The young horse developed some problems that caused him to move on (another story for another day), and then came Margie. Serious half-halt, kick in the pants and club over the head.
Reconsider At X
The previous injury and follow-up rehab work made me reconsider upper-level eventing as a pastime until I learned how to judge distances a little bit more accurately. Since correct distances are the be-all and end-all of the hunter world, I thought that it might be intelligent to learn how to ride a smooth and polished round at preliminary and intermediate eventing fence heights before going back to the wild and wooly world of eventing.
The amateur-owner hunters sounded like the right place to begin, and a top trainer happened to live close by. I wanted a packer to introduce me to this new discipline, and I knew that such a horse was going to be expensive. After a long hunt, we found Margie. She was picture-book perfect, cute as they come, talented and well-bred. Yeah, right. She also had a mean streak a mile wide, a vicious buck that unloaded me at the in-gate of our first show, and a fighting disposition that signed her walking papers when she tried to unload my trainer. She went to a dealer the next day, a very expensive mistake, and another half-halt.
The transition to Cameo was like caramel. Cameo was an off-the-track Thoroughbred, royally bred, who came to us in the middle of a Midwest snowstorm. Her handler, a friend of my trainer, was on his way to Florida with a load of yearlings for a sale and stopped at our barn for coffee. Cameo had been included in the load for this dispersal sale because she wasn’t working out as a broodmare. The man pulled her out of the trailer, handed the rope to his friend, my trainer, told us to find her a home and left with the snow still coming down hard.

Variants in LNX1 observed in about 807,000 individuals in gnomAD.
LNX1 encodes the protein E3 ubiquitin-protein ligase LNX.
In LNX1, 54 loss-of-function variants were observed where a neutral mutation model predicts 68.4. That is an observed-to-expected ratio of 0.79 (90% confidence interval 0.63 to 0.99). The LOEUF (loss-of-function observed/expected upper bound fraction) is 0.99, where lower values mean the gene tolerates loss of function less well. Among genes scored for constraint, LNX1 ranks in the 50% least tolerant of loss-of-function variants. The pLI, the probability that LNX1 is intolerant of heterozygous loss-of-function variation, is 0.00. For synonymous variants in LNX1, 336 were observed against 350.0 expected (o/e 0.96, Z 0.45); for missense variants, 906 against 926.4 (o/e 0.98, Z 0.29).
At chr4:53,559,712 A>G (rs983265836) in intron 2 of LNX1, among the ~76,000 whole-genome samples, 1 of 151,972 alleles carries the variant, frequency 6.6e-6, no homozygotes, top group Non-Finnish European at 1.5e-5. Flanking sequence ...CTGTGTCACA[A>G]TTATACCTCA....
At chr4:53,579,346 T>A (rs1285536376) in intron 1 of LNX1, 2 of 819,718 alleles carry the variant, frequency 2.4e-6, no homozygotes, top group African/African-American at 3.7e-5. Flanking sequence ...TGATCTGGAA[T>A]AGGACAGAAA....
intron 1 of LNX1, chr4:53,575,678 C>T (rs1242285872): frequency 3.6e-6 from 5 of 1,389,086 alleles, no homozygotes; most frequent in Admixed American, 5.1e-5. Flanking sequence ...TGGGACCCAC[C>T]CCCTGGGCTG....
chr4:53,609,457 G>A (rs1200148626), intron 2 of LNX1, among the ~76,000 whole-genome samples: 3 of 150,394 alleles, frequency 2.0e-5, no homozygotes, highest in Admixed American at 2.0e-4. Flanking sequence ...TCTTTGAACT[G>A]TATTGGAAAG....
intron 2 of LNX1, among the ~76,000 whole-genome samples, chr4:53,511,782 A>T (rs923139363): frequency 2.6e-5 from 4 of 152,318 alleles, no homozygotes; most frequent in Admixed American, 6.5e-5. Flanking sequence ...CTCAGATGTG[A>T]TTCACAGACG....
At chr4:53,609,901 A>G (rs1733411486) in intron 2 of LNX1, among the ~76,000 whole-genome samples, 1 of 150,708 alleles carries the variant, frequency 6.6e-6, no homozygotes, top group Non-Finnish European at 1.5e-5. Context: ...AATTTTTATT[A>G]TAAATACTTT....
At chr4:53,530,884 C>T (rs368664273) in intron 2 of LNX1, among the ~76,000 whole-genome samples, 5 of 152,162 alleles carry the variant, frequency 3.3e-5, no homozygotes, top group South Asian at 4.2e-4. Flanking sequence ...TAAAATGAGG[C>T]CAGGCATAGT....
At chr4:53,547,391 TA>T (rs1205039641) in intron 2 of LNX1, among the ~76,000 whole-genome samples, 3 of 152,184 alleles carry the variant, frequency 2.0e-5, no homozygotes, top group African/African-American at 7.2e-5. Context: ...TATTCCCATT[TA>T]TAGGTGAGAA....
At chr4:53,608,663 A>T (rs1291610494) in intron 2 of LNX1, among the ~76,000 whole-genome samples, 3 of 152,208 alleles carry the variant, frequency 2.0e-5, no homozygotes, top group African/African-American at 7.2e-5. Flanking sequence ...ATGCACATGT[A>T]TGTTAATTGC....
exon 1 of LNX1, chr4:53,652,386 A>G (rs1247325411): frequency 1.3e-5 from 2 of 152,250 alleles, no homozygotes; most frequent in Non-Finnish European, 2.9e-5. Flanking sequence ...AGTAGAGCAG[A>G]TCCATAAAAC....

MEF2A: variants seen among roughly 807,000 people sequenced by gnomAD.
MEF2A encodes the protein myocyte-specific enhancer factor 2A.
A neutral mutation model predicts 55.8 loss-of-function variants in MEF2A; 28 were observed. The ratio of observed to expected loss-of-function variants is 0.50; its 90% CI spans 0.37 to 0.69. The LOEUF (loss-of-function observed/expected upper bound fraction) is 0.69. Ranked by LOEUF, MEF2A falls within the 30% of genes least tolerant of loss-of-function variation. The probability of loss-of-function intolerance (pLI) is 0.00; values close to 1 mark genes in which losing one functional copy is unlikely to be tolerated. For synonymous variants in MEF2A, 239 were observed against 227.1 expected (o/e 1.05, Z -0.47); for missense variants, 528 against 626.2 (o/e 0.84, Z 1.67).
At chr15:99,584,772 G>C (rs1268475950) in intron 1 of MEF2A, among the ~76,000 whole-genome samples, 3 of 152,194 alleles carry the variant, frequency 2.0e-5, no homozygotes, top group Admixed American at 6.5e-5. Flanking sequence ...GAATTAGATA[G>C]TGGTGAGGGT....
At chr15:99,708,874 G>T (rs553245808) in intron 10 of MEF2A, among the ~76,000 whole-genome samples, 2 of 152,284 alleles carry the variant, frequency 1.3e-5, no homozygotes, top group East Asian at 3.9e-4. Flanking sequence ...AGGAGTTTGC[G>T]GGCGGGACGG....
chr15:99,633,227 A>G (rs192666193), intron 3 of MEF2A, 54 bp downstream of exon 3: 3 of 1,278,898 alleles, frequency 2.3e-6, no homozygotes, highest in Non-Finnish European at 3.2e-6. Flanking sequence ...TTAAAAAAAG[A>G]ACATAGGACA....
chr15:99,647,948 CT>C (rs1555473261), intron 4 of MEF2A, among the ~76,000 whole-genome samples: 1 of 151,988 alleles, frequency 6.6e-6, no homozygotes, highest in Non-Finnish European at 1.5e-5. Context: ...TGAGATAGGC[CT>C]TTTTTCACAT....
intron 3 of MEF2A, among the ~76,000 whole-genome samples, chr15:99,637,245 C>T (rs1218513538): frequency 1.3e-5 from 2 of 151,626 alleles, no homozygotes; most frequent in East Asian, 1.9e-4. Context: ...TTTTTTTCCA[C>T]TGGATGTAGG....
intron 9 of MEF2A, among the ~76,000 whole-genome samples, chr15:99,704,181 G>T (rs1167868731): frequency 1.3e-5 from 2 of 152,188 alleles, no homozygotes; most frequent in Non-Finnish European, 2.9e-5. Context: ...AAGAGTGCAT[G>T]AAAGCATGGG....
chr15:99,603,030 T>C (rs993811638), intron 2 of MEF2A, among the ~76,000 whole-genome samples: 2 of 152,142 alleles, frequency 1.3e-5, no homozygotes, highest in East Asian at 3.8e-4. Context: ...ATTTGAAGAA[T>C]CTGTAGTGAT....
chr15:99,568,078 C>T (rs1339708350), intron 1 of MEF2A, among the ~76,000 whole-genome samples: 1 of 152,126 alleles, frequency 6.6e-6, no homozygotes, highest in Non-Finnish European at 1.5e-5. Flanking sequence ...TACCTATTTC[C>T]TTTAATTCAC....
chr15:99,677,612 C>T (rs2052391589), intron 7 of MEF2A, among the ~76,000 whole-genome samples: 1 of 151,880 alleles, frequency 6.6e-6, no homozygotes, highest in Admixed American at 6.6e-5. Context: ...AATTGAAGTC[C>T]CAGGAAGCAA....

She turned out to be the most maternal mare I’ve ever dealt with. A while after I bought her, we happened to have an animal communicator in to talk to our horses. The woman asked Cameo if she liked her job and what that job was. After recovering from an attack of giggles that left her breathless, the woman told me that Cameo had told her that she had a foal. It was a nice foal, but not real bright and a bit clumsy, not really very prepossessing, but it was her foal, and she had to look after it. The picture that Cameo sent to the woman was: me. And that was the way Cameo treated me the entire time I knew her.
There was this one time … I’d had a horrible day at work and shouldn’t have gone to the barn at all, much less tried to take a lesson. We were going to work over some interesting courses, so my trainer had us trot over a cross-pole to warm up. When she realized that my mind was miles away and that I was still brooding, Cameo intelligently opted to stop in front of the crossrails. I slid off over her neck and ended up sitting on the ground between her front feet. Cameo looked down at me, then looked over at my trainer, then back down at me and gave an enormous sigh that said, clear as words, “Can’t you DO anything with this one?” It took my trainer minutes to get his breath back from laughing at me.
Ah, life’s little half-halts, sometimes little tweaks, sometimes a club over the head. Life certainly knows how to get our attention.
Kathie P. Mautner grew up as a “Foreign Service brat,” and now she works as an insurance attorney and competes in ballroom dancing. Her horse experience includes eventing, dressage and hunter/jumpers as well as volunteering as a Pony Club D.C. “I’m a survivor of ponies of all sizes,” said Mautner. She also writes humor pieces for the Chronicle recalling her mispent youth as well as a serious column every now and then.